Union 'disappointed' by Ottawa's $500M auto sector pledge
Unifor says it will take more to convince Chrysler to retool its Windsor Assembly Plant
The union representing 4,500 hourly workers at Chrysler's Windsor Assembly Plant isn't pleased with the 2014 Federal Budget delivered Tuesday.
The budget gave a $500-million boost to the Auto Innovation Fund. The money will be spread over two years.
Dino Chiodo, president of Unifor Local 444, says the money simply isn't enough.
"I am, quite frankly, disappointed. This is not helpful," Chiodo said."The reality is there isn't a country that isn't doing this. This is 4,500 jobs; 30,000 spin-off jobs."
In a news conference Wednesday morning, Finance Minister Flaherty called auto sector jobs a key to the Ontario economy and said he would be “very slow to let them go.”
“It’s not just the thousands of people that work in the plants, but also the many suppliers, restaurant owners and other businesses that rely on the auto industry,” Flaherty said, adding that he had long familiarity with the Ontario auto industry from his years as a provincial cabinet minister.
“I am adamant in support of the auto manufacturing as a hub for employment in Canada, in Ontario,” he added.
His remarks seem to buoy the chances of a federal-provincial package for Chrysler operations in Windsor and Brampton, after the automaker sought a contribution of up to $700 million to rebuild and retool.
The federal budget document acknowledges the importance of auto sector jobs, estimating more than 115,000 Canadians in Southern Ontario and across Canada are employed in automotive assembly and parts production.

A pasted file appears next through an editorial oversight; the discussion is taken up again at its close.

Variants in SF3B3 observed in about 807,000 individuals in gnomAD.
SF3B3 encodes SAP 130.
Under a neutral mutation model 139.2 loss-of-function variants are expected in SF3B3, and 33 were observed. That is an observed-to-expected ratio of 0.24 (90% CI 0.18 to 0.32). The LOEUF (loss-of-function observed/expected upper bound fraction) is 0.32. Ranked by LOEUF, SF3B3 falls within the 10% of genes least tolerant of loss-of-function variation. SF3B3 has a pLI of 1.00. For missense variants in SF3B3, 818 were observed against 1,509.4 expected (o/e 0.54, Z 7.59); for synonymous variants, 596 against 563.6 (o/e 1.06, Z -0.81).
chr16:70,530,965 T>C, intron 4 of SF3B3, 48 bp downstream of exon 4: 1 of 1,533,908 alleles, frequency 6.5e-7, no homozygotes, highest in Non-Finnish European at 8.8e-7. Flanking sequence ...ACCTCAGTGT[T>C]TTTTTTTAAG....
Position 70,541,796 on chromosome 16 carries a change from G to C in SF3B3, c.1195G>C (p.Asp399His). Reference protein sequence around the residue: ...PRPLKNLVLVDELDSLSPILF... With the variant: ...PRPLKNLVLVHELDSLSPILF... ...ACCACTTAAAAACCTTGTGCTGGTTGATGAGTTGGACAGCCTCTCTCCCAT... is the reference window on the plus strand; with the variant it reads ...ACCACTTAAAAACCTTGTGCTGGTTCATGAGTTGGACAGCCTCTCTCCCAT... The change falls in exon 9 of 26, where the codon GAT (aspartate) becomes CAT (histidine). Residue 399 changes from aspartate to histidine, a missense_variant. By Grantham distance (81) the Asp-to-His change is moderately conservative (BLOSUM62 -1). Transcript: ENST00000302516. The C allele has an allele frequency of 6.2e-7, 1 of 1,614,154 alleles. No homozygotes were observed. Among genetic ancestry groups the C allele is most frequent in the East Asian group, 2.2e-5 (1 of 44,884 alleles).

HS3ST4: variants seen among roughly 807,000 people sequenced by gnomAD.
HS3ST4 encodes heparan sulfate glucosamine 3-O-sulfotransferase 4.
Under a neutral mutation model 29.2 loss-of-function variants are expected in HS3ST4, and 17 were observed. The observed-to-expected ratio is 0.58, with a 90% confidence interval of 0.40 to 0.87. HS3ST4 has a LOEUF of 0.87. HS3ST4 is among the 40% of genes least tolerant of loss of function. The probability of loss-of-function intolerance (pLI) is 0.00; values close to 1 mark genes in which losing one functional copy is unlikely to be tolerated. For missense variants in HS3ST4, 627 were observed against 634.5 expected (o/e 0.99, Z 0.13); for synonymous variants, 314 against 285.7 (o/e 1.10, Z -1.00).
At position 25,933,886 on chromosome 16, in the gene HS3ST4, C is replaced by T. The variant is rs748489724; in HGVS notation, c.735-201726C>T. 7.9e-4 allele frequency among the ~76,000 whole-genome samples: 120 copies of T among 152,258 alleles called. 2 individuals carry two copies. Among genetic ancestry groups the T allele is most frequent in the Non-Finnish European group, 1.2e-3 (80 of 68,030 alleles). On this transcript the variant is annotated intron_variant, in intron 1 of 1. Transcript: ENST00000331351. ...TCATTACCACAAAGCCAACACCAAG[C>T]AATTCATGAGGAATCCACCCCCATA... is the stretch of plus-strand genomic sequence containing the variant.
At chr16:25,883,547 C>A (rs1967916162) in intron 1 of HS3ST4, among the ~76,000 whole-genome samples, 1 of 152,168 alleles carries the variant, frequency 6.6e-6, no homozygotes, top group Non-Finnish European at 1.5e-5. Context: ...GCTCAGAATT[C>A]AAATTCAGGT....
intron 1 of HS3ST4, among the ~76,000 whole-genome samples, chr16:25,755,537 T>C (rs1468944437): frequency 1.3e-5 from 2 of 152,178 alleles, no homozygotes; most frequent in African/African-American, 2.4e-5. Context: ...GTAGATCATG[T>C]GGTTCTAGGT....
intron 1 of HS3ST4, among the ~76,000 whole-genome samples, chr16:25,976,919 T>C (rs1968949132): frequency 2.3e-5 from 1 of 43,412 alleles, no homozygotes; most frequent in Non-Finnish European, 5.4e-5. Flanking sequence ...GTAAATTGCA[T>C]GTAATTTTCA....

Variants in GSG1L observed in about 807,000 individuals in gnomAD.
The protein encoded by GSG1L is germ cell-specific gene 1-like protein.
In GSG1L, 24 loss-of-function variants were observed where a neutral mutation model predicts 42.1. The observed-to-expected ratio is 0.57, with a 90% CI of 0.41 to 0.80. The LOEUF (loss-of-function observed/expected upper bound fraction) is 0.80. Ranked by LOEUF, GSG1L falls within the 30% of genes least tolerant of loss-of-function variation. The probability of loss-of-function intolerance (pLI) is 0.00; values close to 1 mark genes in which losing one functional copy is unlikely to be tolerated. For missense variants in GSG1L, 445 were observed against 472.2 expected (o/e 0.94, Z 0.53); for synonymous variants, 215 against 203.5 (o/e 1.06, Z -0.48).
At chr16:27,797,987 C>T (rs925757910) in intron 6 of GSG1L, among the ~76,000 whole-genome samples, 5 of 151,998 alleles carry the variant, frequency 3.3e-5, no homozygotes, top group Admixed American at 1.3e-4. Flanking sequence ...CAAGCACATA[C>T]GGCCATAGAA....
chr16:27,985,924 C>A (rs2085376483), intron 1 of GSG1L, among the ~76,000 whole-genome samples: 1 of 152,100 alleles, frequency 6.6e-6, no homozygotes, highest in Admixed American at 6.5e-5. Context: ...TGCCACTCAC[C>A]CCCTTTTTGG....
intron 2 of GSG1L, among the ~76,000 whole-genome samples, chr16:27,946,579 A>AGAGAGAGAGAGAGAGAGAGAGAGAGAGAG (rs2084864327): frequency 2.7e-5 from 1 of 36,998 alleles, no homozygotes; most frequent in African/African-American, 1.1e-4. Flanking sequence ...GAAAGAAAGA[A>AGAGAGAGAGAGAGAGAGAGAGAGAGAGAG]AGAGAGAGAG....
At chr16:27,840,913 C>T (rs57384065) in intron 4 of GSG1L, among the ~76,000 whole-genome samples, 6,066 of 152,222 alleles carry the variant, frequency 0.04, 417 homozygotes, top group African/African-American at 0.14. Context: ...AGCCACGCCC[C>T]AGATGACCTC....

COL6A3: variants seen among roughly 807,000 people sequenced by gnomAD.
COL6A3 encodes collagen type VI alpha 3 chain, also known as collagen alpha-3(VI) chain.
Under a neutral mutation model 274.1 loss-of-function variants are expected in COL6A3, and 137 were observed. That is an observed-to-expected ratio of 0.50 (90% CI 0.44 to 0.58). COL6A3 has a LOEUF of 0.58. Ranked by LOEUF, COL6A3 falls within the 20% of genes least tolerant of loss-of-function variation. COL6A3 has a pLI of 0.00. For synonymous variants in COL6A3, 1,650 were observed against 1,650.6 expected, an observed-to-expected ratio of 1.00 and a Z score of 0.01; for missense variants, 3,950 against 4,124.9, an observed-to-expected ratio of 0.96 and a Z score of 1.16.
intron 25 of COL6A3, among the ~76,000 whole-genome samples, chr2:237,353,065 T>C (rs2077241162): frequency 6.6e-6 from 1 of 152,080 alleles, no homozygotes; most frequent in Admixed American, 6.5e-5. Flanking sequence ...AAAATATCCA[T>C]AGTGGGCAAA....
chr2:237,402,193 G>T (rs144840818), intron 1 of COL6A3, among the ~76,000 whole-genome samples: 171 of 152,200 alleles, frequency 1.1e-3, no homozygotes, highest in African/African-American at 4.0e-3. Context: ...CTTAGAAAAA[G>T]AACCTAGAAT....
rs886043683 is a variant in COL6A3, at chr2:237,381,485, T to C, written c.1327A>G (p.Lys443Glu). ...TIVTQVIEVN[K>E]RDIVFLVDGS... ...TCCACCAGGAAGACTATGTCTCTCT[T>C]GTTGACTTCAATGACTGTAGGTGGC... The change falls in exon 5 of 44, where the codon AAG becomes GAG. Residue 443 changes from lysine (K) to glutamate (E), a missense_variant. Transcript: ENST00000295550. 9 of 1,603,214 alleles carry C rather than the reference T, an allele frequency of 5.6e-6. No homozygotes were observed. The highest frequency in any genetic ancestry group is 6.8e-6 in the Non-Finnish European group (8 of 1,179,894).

But that wasn't enough for one Windsor union leader.
"The reality is, direct investment is part of the global market. Companies will go where they get the biggest gain," Chiodo said. "They done it in Oakville, they should be doing it right here in Windsor."
Ottawa and Ontario combined to give Ford $150 million for upgrades at its Oakville plant.
"If they don't do this, Windsor will be a ghost town," Chiodo said. "We cannot afford another Heinz, where jobs pull out and there's no help."
Last year, Heinz announced it will close its Leamington plant and put nearly 800 people out of work.
"It takes billions of dollars in order to facilitate retrofitting some of those plants, so $500 million is not that much," Chiodo said.
Auto researcher Tony Faria doesn't think the government will have a choice but to funnel money to Chrysler.
"It's hard to imagine what things would be like in Essex County without that Chrysler assembly plant," said Faria. "I'm all in favour of the government helping Chrysler in this investment."
On the opposite side is Mark Milke with the Fraser Institute, a conservative think tank based in Calgary.
"Special interest corporate welfare is a bad idea because what it does is redistribute jobs — it doesn't create new jobs," Milke said, who added auto investment money would be better spent on social welfare programs and retraining.
Faria, though, pointed to a recent investment by the state of Tennessee in a Volkswagen plant, calling it a wise investment over time.
"Tennessee will get that money all paid back inside of eight years in terms of the taxes being paid by that plant," he said.
Chiodo pointed to recent investment made directly into the Ford plant in Oakville. He said would have liked to have seen something similar in Tuesday's budget.
"From that perspective there's no reason why it shouldn't be done here in Windsor, Ontario, for that investment to make sure we can maintain our future," said Chiodo.